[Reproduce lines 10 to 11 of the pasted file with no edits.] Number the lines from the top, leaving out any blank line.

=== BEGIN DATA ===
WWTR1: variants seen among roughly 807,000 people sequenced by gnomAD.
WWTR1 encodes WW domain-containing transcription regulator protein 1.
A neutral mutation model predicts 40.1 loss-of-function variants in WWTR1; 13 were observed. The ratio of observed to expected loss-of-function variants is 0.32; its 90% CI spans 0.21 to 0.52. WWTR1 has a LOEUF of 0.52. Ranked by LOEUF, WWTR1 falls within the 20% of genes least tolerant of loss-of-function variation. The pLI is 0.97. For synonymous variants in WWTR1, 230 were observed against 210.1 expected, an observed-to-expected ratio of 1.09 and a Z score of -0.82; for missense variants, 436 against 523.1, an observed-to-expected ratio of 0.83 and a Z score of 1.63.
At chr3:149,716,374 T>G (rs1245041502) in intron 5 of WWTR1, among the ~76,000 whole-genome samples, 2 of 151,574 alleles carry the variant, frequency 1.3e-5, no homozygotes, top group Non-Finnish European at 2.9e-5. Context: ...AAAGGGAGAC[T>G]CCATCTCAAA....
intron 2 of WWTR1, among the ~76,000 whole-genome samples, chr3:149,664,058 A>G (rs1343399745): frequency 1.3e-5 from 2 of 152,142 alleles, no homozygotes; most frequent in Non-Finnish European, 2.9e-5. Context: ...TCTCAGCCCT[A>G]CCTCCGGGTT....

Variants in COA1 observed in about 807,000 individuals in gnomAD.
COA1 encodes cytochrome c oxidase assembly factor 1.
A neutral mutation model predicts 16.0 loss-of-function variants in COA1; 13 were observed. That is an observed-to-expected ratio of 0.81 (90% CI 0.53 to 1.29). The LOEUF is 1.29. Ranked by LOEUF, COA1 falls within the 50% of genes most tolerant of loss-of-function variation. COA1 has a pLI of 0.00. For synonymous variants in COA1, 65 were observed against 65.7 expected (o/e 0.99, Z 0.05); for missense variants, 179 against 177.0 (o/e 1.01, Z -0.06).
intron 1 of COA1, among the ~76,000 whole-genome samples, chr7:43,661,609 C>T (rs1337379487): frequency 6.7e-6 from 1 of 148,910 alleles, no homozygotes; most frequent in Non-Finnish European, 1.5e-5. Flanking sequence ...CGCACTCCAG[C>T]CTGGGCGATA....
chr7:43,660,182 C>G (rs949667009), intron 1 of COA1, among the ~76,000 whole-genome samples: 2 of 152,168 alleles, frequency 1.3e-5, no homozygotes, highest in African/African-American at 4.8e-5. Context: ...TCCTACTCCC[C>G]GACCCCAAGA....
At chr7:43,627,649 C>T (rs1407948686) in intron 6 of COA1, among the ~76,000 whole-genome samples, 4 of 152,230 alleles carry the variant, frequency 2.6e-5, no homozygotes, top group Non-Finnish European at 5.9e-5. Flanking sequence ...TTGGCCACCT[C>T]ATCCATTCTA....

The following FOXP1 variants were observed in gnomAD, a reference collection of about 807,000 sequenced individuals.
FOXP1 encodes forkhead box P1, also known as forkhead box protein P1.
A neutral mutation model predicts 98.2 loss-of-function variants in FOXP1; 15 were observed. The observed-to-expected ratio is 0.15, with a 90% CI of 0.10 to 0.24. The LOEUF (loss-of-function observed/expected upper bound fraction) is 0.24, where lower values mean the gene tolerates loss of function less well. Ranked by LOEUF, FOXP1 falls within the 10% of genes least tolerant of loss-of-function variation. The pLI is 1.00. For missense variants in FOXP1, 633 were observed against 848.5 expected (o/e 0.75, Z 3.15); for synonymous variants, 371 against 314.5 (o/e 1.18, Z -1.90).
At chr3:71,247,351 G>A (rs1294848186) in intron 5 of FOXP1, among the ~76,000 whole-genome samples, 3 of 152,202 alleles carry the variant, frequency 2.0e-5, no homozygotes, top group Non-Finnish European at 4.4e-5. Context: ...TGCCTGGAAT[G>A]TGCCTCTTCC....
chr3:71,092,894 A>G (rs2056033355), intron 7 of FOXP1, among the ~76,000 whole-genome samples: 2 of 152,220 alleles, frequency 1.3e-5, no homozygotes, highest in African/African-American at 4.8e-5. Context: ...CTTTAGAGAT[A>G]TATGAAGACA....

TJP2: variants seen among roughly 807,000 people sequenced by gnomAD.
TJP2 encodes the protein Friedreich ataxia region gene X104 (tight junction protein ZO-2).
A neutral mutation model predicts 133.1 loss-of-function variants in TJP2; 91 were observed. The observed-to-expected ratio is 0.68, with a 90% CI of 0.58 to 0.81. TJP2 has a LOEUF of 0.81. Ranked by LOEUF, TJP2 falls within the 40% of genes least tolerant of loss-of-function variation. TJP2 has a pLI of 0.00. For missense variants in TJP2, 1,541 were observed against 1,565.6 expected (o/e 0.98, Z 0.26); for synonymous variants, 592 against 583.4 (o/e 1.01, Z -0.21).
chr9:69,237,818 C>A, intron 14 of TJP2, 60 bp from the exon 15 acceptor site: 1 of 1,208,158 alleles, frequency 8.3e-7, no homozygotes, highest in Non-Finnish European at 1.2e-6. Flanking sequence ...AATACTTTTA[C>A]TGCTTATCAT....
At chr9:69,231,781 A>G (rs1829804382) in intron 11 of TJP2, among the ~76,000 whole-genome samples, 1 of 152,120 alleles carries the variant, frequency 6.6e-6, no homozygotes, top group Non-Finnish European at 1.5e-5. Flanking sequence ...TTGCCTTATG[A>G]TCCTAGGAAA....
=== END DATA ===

chr7:43,660,182 C>G (rs949667009), intron 1 of COA1, among the ~76,000 whole-genome samples: 2 of 152,168 alleles, frequency 1.3e-5, no homozygotes, highest in African/African-American at 4.8e-5. Context: ...TCCTACTCCC[C>G]GACCCCAAGA....
At chr7:43,627,649 C>T (rs1407948686) in intron 6 of COA1, among the ~76,000 whole-genome samples, 4 of 152,230 alleles carry the variant, frequency 2.6e-5, no homozygotes, top group Non-Finnish European at 5.9e-5. Flanking sequence ...TTGGCCACCT[C>T]ATCCATTCTA....